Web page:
Narrated fetal laser surgery broadcast answers viewers' questions
August 19, 2008 -- Tampa General Hospital (Tampa, FL) says it will broadcast highlights of a fetal laser surgery for twin-to-twin transfusion syndrome (TTTS) from on the Internet. Rubén Quintero, M.D., Medical Director of Maternal Fetal Medicine/Fetal Surgery will narrate and answer e-mail questions live as taped highlights of the procedure are shown. Quintero is developer of an endoscopic technique that pinpoints malfunctioning placental blood vessels and uses a laser to seal them.
August 19, 2008 -- Tampa General Hospital (Tampa, FL) says it will broadcast highlights of a fetal laser surgery for twin-to-twin transfusion syndrome (TTTS) from on the Internet.
The broadcast depicts a pair of identical-twin fetuses afflicted by TTTS, which affects 10 to 15 percent of such pregnancies and is the result of abnormal blood exchange through a common placenta. The larger of the twins, or recipient, is surrounded by too much amniotic fluid and in danger of heart failure as its body tries to pump the overwhelming volume of blood intended for both. The smaller, or donor twin, is encased in a shrinking amniotic sac deprived of blood. Without treatment, both were likely to die.
Rubén Quintero, M.D., Medical Director of Maternal Fetal Medicine/Fetal Surgery at Tampa General Hospital and Professor and Director of the Division of Maternal Fetal Medicine, Department of Obstetrics and Gynecology, University of South Florida College of Medicine will narrate the procedure and answer e-mail questions live as taped highlights of the procedure are shown.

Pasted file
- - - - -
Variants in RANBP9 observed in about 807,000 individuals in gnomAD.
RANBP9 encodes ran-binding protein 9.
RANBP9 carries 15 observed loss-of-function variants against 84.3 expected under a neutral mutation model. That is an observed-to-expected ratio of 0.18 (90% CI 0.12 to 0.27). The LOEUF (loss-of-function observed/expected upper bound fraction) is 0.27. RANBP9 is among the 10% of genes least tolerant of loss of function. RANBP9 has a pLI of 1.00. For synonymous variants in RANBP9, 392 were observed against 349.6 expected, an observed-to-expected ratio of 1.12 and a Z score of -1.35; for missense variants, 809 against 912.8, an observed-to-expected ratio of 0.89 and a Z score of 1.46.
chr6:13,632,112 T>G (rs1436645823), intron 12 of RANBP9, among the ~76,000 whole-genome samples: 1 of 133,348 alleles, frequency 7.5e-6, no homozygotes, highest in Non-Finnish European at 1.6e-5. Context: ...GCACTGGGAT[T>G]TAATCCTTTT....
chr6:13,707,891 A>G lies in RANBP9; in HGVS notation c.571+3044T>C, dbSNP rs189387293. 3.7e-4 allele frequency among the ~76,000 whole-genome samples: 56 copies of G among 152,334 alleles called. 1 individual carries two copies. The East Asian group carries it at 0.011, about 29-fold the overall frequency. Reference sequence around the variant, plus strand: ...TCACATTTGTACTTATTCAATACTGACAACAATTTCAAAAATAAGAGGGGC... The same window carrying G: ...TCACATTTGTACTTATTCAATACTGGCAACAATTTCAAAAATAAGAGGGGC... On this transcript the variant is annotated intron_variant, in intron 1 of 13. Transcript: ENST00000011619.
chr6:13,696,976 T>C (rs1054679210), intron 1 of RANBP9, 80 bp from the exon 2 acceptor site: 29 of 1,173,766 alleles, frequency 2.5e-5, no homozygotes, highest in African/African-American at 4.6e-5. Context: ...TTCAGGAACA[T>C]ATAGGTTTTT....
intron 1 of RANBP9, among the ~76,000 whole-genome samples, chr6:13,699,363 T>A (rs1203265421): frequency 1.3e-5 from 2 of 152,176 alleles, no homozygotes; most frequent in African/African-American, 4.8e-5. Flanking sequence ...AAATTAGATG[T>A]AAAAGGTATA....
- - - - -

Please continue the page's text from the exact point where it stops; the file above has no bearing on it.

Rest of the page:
The broadcast, originally scheduled for Wednesday, August 20, 2008 at 4 p.m. EDT, has been postponed due to hurricane threats in Florida; at the website you can sign up to receive a reschedule alert.
Ultrasound is used to diagnose TTTS by noting the presence of combined polyhydramnios (excess amniotic fluid) and oligohydramnios (decreased amniotic fluid) in a monochorionic-diamniotic (one placenta; two amniotic sacs) twin pregnancy. Polyhydramnios is defined as a maximum vertical pocket (MVP) of 8 cm or more, and oligohydramnios as an MVP of 2cm or less.
The surgical treatment of TTTS took a turn in 1998 when Quintero developed a selective endoscopic technique that pinpoints which placental blood vessels are malfunctioning and uses a laser to seal off those specific vessels. The goal of this approach is to eliminate all blood exchange between the fetuses. This one-time laser surgery procedure halts the disease process and allows each fetus to continue the pregnancy from its individually-perfused placenta. The procedure takes approximately 30 to 45 minutes to complete. Before this procedure was available, amniocentesis was performed several times during the pregnancy to improve blood flow in the placenta by removing excess fluid.
The TGH Fetal Therapy/Surgery Program was established in 2006 and provides management of life-threatening fetal complications before birth utilizing the most advanced forms of prenatal diagnosis and in-utero treatment. Over 800 laser surgery procedures for twin-to-twin transfusion syndrome have been performed with 75% survival for both and 90% survival for at least one fetus.